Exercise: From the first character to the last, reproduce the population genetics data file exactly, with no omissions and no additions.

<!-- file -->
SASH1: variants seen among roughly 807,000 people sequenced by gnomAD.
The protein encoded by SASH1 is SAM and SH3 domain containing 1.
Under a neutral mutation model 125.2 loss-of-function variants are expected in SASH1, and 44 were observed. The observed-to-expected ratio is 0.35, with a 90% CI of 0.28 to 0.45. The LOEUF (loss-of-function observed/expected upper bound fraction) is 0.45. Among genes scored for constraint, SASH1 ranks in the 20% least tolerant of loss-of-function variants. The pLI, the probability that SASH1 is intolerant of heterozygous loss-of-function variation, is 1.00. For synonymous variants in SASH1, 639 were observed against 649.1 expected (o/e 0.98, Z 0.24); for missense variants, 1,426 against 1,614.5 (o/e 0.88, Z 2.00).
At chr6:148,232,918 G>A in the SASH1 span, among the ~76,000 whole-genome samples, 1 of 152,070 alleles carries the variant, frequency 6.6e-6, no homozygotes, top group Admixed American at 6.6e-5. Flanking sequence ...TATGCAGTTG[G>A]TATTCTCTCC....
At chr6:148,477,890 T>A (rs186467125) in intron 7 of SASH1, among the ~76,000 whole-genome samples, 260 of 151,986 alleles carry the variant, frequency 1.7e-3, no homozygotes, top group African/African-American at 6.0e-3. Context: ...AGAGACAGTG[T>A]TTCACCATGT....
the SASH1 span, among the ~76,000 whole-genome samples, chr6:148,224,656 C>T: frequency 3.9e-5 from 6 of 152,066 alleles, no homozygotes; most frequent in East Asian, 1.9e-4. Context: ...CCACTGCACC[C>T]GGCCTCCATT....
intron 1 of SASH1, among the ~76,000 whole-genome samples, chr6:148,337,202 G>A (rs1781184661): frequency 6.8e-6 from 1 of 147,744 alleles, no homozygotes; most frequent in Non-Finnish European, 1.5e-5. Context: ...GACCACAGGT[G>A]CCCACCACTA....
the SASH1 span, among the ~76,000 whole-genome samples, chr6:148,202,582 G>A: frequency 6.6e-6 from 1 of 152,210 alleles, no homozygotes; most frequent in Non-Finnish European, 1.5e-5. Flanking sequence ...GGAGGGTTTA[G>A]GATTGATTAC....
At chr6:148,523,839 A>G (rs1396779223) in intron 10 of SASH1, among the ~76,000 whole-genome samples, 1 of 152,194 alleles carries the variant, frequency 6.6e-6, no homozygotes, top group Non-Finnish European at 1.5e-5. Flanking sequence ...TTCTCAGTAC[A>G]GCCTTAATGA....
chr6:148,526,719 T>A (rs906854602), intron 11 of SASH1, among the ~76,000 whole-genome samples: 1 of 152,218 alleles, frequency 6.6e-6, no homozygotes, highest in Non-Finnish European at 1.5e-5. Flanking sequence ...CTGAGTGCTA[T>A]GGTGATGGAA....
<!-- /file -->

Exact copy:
SASH1: variants seen among roughly 807,000 people sequenced by gnomAD.
The protein encoded by SASH1 is SAM and SH3 domain containing 1.
Under a neutral mutation model 125.2 loss-of-function variants are expected in SASH1, and 44 were observed. The observed-to-expected ratio is 0.35, with a 90% CI of 0.28 to 0.45. The LOEUF (loss-of-function observed/expected upper bound fraction) is 0.45. Among genes scored for constraint, SASH1 ranks in the 20% least tolerant of loss-of-function variants. The pLI, the probability that SASH1 is intolerant of heterozygous loss-of-function variation, is 1.00. For synonymous variants in SASH1, 639 were observed against 649.1 expected (o/e 0.98, Z 0.24); for missense variants, 1,426 against 1,614.5 (o/e 0.88, Z 2.00).
At chr6:148,232,918 G>A in the SASH1 span, among the ~76,000 whole-genome samples, 1 of 152,070 alleles carries the variant, frequency 6.6e-6, no homozygotes, top group Admixed American at 6.6e-5. Flanking sequence ...TATGCAGTTG[G>A]TATTCTCTCC....
At chr6:148,477,890 T>A (rs186467125) in intron 7 of SASH1, among the ~76,000 whole-genome samples, 260 of 151,986 alleles carry the variant, frequency 1.7e-3, no homozygotes, top group African/African-American at 6.0e-3. Context: ...AGAGACAGTG[T>A]TTCACCATGT....
the SASH1 span, among the ~76,000 whole-genome samples, chr6:148,224,656 C>T: frequency 3.9e-5 from 6 of 152,066 alleles, no homozygotes; most frequent in East Asian, 1.9e-4. Context: ...CCACTGCACC[C>T]GGCCTCCATT....
intron 1 of SASH1, among the ~76,000 whole-genome samples, chr6:148,337,202 G>A (rs1781184661): frequency 6.8e-6 from 1 of 147,744 alleles, no homozygotes; most frequent in Non-Finnish European, 1.5e-5. Context: ...GACCACAGGT[G>A]CCCACCACTA....
the SASH1 span, among the ~76,000 whole-genome samples, chr6:148,202,582 G>A: frequency 6.6e-6 from 1 of 152,210 alleles, no homozygotes; most frequent in Non-Finnish European, 1.5e-5. Flanking sequence ...GGAGGGTTTA[G>A]GATTGATTAC....
At chr6:148,523,839 A>G (rs1396779223) in intron 10 of SASH1, among the ~76,000 whole-genome samples, 1 of 152,194 alleles carries the variant, frequency 6.6e-6, no homozygotes, top group Non-Finnish European at 1.5e-5. Flanking sequence ...TTCTCAGTAC[A>G]GCCTTAATGA....
chr6:148,526,719 T>A (rs906854602), intron 11 of SASH1, among the ~76,000 whole-genome samples: 1 of 152,218 alleles, frequency 6.6e-6, no homozygotes, highest in Non-Finnish European at 1.5e-5. Flanking sequence ...CTGAGTGCTA[T>A]GGTGATGGAA....